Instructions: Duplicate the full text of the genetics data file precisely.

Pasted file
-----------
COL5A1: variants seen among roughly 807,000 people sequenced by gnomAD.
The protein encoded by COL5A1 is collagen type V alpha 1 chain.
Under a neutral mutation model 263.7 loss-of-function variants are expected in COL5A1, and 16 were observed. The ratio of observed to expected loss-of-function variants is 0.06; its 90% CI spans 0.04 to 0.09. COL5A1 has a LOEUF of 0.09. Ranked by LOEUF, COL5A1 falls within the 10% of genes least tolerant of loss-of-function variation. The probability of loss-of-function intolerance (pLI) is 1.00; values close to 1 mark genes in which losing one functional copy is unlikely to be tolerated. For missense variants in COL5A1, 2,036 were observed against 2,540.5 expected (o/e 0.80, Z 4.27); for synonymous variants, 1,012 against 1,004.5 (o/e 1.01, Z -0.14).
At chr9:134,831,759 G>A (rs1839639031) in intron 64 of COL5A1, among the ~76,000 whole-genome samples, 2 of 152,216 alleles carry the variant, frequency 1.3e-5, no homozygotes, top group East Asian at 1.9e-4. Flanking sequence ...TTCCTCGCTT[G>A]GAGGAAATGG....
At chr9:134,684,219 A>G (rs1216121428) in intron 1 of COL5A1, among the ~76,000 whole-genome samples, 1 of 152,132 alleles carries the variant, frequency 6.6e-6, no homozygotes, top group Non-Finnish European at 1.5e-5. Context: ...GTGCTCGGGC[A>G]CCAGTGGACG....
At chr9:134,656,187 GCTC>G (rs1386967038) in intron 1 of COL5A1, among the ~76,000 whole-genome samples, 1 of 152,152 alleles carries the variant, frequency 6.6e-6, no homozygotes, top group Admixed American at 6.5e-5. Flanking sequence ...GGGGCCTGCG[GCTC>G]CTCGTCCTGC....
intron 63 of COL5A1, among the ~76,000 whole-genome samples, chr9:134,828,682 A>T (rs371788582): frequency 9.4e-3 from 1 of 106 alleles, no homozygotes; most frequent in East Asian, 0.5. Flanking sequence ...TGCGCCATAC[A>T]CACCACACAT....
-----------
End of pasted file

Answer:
COL5A1: variants seen among roughly 807,000 people sequenced by gnomAD.
The protein encoded by COL5A1 is collagen type V alpha 1 chain.
Under a neutral mutation model 263.7 loss-of-function variants are expected in COL5A1, and 16 were observed. The ratio of observed to expected loss-of-function variants is 0.06; its 90% CI spans 0.04 to 0.09. COL5A1 has a LOEUF of 0.09. Ranked by LOEUF, COL5A1 falls within the 10% of genes least tolerant of loss-of-function variation. The probability of loss-of-function intolerance (pLI) is 1.00; values close to 1 mark genes in which losing one functional copy is unlikely to be tolerated. For missense variants in COL5A1, 2,036 were observed against 2,540.5 expected (o/e 0.80, Z 4.27); for synonymous variants, 1,012 against 1,004.5 (o/e 1.01, Z -0.14).
At chr9:134,831,759 G>A (rs1839639031) in intron 64 of COL5A1, among the ~76,000 whole-genome samples, 2 of 152,216 alleles carry the variant, frequency 1.3e-5, no homozygotes, top group East Asian at 1.9e-4. Flanking sequence ...TTCCTCGCTT[G>A]GAGGAAATGG....
At chr9:134,684,219 A>G (rs1216121428) in intron 1 of COL5A1, among the ~76,000 whole-genome samples, 1 of 152,132 alleles carries the variant, frequency 6.6e-6, no homozygotes, top group Non-Finnish European at 1.5e-5. Context: ...GTGCTCGGGC[A>G]CCAGTGGACG....
At chr9:134,656,187 GCTC>G (rs1386967038) in intron 1 of COL5A1, among the ~76,000 whole-genome samples, 1 of 152,152 alleles carries the variant, frequency 6.6e-6, no homozygotes, top group Admixed American at 6.5e-5. Flanking sequence ...GGGGCCTGCG[GCTC>G]CTCGTCCTGC....
intron 63 of COL5A1, among the ~76,000 whole-genome samples, chr9:134,828,682 A>T (rs371788582): frequency 9.4e-3 from 1 of 106 alleles, no homozygotes; most frequent in East Asian, 0.5. Flanking sequence ...TGCGCCATAC[A>T]CACCACACAT....